Summa Contra Gentiles 1
Summa Contra Gentiles 1
Quod sit officium sapientis
In what the office of a wise man consists
Veritatem meditabitur guttur meum, et labia mea detestabuntur impium.
My mouth shall meditate truth, and my lips shall hate impiety.
Multitudinis usus, quem in rebus nominandis sequendum philosophus censet, communiter obtinuit ut ‘sapientes’ dicantur qui res directe ordinant et eas bene gubernant. Unde inter alia quae homines de sapiente concipiunt, a philosopho ponitur quod sapientis est ordinare. Omnium autem ordinatorum ad finem, gubernationis et ordinis regulam ex fine sumi necesse est: tunc enim unaquaeque res optime disponitur cum ad suum finem convenienter ordinatur; finis enim est bonum uniuscuiusque. Unde videmus in artibus unam alterius esse gubernativam et quasi principem, ad quam pertinet eius finis: sicut medicinalis ars pigmentariae principatur et eam ordinat, propter hoc quod sanitas, circa quam medicinalis versatur, finis est omnium pigmentorum, quae arte pigmentaria conficiuntur. Et simile apparet in arte gubernatoria respectu navifactivae; et in militari respectu equestris et omnis bellici apparatus. Quae quidem artes aliis principantes ‘architectonicae’ nominantur, quasi ‘principales artes’: unde et earum artifices, qui ‘architectores’ vocantur, nomen sibi vindicant sapientum.
The general use which, in the Philosopher’s opinion (2 Topics 1, 5) should be followed in naming things, has resulted in those men being called ‘wise’ who order things rightly and govern them well. Hence, among other things which men conceive of the wise man, the Philosopher reckons that it belongs to the wise man to order things (1 Metaphysics 2, 3). Now the rule of all things directed to the end of government and order must be taken from their end: for a thing is best disposed when it is fittingly directed to its end, since the end of everything is its good. Thus in the arts we observe that the art which governs and rules another is the one to which the latter’s end belongs. In this way the medical art rules and directs the art of the druggist, because health which is the object of medicine is the end of all drugs which are made up by the druggist’s art. The same may be observed in the art of sailing in relation to the art of ship-building, and in the military art in relation to the equestrian art and all warlike appliances. These arts which govern others are called ‘architectonic,’ that is, ‘principal arts,’ for which reason their craftsmen, who are called architects, are awarded the name of wise men.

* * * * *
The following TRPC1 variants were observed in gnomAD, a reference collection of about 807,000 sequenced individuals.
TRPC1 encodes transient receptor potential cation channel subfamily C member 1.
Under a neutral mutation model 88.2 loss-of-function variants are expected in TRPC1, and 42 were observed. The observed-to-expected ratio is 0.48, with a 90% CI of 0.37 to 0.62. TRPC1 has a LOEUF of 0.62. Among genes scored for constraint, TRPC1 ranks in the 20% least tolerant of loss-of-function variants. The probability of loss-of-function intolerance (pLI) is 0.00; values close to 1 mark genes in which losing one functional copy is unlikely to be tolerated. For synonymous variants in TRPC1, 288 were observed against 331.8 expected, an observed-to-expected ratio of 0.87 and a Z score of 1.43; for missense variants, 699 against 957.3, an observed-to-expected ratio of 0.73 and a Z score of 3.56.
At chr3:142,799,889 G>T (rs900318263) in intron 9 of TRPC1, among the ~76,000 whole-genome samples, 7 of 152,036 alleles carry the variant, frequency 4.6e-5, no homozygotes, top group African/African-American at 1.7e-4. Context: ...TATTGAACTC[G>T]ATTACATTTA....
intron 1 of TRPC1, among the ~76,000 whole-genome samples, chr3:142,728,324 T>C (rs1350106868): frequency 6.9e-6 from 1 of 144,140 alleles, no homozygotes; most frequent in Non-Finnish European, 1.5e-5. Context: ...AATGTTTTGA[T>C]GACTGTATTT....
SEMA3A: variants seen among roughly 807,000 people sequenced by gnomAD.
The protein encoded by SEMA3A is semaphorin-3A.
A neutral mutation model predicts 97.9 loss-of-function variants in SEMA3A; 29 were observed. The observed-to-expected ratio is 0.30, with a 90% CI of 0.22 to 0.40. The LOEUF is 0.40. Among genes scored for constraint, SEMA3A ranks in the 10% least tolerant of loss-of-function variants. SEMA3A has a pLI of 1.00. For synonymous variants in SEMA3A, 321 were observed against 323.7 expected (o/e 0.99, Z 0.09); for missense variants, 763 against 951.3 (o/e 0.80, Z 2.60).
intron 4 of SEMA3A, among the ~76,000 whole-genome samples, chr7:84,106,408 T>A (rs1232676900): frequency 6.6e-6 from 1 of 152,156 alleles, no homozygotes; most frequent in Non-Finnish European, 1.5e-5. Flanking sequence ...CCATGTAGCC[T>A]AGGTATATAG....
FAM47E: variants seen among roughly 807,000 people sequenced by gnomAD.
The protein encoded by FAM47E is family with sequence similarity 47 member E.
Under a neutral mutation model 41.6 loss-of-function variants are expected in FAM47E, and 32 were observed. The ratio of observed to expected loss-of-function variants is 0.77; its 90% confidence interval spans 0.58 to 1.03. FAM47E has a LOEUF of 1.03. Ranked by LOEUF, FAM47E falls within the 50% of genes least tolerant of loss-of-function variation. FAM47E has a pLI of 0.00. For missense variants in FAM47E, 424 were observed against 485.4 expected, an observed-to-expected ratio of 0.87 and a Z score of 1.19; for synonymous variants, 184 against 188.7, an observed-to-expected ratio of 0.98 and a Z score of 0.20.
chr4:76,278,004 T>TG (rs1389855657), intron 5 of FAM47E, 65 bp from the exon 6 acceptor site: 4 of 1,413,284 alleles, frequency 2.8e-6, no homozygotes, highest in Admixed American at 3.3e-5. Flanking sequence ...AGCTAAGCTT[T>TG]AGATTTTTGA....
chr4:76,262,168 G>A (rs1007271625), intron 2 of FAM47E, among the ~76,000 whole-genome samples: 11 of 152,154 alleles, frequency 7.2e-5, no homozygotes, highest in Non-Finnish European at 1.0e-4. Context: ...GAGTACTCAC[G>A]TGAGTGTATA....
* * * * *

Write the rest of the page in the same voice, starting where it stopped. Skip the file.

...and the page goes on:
Quia vero praedicti artifices, singularium quarundam rerum fines pertractantes, ad finem universalem omnium non pertingunt, dicuntur quidem sapientes huius vel illius rei, secundum quem modum dicitur 1 Cor. 3, 10, ut sapiens architectus, fundamentum posui; nomen autem simpliciter sapientis illi soli reservatur cuius consideratio circa finem universi versatur, qui item est universitatis principium; unde secundum philosophum, sapientis est causas altissimas considerare.
Since, however, these same craftsmen, through being occupied with the ends of certain singular things, do not come to the universal end of all things, they are called wise about this or that, in which sense it is said, as a wise architect, I have laid the foundation (1 Cor 3:10), whereas the name of being wise simply is reserved to him alone who considers the end of the universe, which is also the beginning of the universe. Thus, according to the Philosopher, it belongs to the wise man to consider the highest causes (1 Metaphysics 1, 12; 2, 7).
Finis autem ultimus uniuscuiusque rei est qui intenditur a primo auctore vel motore ipsius. Primus autem auctor et motor universi est intellectus, ut infra ostendetur. Oportet igitur ultimum finem universi esse bonum intellectus. Hoc autem est veritas. Oportet igitur veritatem esse ultimum finem totius universi; et circa eius considerationem principaliter sapientiam insistere. Et ideo ad veritatis manifestationem divina sapientia carne induta se venisse in mundum testatur, dicens, Ioan. 18, 37: ego in hoc natus sum, et ad hoc veni in mundum, ut testimonium perhibeam veritati.